Jacob acknowledged that it is still early days for genome-wide diagnostic sequencing, and that there are many unanswered questions regarding the best model for high-throughput sequencing in the clinical setting. However, he said that MCW's philosophy is that these questions won't be answered without taking action.

"We can use some of this information to help us clinically today," he said. "Are there problems with the data and the reference genome? Yes. Do we need to be cautious about how we deploy this in the clinic? Yes. Do we need to be responsible about how we do this? Yes. But can we use this information in the clinic today as another laboratory value? Yes."

Jacob said that his team is planning on publishing the framework it has developed in order to share its experiences with the broader community. They are drafting a paper now with plans to submit it for publication in the next month or so.

"What we'd really like is to enable other people to be able to do this," he said. "If nothing else, it will enable people to get their head around the fact that it is doable. It's not fun, it's not easy, but it's doable."

Make it Actionable

Among the most important aspects of the MCW clinical sequencing infrastructure is the criteria it has put in place for deciding which patients should be sequenced.

Cases must be nominated by two physicians, and MCW has established a committee that determines which ones will be approved. The committee includes the hospital's chief medical officer, the chair of the hospital ethics committee, an ethicist, a geneticist, a genetic counselor, a genomics expert, and three physicians that are knowledgeable about the individual case or disease.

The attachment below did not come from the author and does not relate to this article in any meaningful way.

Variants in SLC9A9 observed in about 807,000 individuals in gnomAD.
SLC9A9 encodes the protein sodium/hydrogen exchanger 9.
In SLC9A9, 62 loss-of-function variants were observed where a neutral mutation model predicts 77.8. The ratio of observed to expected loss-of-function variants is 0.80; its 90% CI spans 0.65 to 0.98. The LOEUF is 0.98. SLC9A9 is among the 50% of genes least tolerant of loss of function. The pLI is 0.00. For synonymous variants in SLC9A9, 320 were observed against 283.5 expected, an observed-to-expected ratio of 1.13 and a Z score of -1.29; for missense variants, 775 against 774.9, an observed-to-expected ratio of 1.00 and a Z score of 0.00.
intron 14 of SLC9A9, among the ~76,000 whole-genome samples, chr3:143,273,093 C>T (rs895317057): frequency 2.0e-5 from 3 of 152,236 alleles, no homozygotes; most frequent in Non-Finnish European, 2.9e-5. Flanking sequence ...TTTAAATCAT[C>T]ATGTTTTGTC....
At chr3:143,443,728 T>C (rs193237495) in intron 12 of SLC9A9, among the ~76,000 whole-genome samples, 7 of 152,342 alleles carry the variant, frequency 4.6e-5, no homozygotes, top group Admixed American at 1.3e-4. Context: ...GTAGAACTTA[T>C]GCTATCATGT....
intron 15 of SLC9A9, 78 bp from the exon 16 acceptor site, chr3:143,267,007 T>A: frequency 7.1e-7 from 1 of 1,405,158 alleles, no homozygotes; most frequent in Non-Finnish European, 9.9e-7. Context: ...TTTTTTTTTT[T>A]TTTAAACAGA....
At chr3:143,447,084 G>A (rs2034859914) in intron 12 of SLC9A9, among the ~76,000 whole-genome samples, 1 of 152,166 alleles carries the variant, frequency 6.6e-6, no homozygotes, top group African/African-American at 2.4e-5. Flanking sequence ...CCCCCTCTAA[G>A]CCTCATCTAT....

Jacob said that the primary consideration for any case is whether is the results are likely to be actionable. "The most important step is to ensure the test is clinically useful for the individual patient," he said in a talk outlining the framework at the Future of Genomic Medicine conference hosted by the Scripps Translational Science Institute earlier this month.

"The goal of the committee, then, is to take what the clinicians know — all the assays that they've tried, what they think it might be — and then challenge them to say, 'OK, if you had this piece of information, what would you do with it?'"

He explained in a follow-up interview with CSN that actionable information can range from information on a specific therapeutic strategy, to a more general understanding of the course of treatment for a child, to helping families decide whether to have additional children.

Cases can be approved or denied, but there is a third category, dubbed the "parking lot," for cases in which the committee and the physicians believe sequencing will be useful, but that are deemed to be lower priority than those that are approved.